The Dirty Delta: Nigeria, Oil And Saro-Wiwa The Economist

“Lord rest my soul, but the struggle continues,” Ken Saro-Wiwa said as he was hanged following a peaceful uprising against Shell’s operations in the Niger Delta. Today marks the 20th anniversary of the execution of the author and activist by the then military authorities, but most people in Nigeria’s oil-rich region still live in poverty, amid catastrophic pollution. 
Shell and Eni, another big oil company, documented over 550 spills last year alone. Such investors blame militancy and vandalism for the environmental disaster—both are indeed problems—but many of their pipelines are rotting and the clean-up contracts are widely criticised.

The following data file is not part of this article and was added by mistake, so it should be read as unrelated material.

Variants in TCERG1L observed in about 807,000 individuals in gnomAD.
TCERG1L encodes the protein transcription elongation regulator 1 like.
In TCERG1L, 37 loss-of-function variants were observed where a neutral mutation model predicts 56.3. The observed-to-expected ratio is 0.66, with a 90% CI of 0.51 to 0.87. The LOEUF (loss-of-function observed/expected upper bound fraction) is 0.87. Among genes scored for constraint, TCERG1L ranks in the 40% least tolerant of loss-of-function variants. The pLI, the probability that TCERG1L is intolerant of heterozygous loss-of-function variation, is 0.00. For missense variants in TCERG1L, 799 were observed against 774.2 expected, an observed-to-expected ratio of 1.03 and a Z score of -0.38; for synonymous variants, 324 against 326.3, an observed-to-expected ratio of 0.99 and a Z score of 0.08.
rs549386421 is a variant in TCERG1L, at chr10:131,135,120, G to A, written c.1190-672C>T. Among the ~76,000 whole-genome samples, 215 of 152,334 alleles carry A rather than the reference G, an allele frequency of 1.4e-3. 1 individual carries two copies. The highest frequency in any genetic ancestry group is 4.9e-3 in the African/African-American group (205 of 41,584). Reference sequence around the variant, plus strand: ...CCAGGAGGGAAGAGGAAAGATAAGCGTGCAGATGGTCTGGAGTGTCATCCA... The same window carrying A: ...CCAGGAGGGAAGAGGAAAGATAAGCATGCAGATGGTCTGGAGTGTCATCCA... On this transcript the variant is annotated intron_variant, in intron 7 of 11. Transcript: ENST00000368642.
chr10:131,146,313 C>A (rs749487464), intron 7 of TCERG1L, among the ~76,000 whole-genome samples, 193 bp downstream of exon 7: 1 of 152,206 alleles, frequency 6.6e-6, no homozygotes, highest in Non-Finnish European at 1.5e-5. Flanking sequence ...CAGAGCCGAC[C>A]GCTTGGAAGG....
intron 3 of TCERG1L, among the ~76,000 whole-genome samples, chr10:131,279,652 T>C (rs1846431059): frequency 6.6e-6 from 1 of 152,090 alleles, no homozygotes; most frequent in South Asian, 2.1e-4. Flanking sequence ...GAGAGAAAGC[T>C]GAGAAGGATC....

A recent Amnesty International report accused Shell of making “false claims” about restoring polluted sites (which it denies); UN plans for a serious mop-up are gathering dust. 
An amnesty ended an insurgency in the Delta in 2009, but it expires next month. Frustrated youths may resort to more violent means than the charismatic and revered Saro-Wiwa. Source; The Economist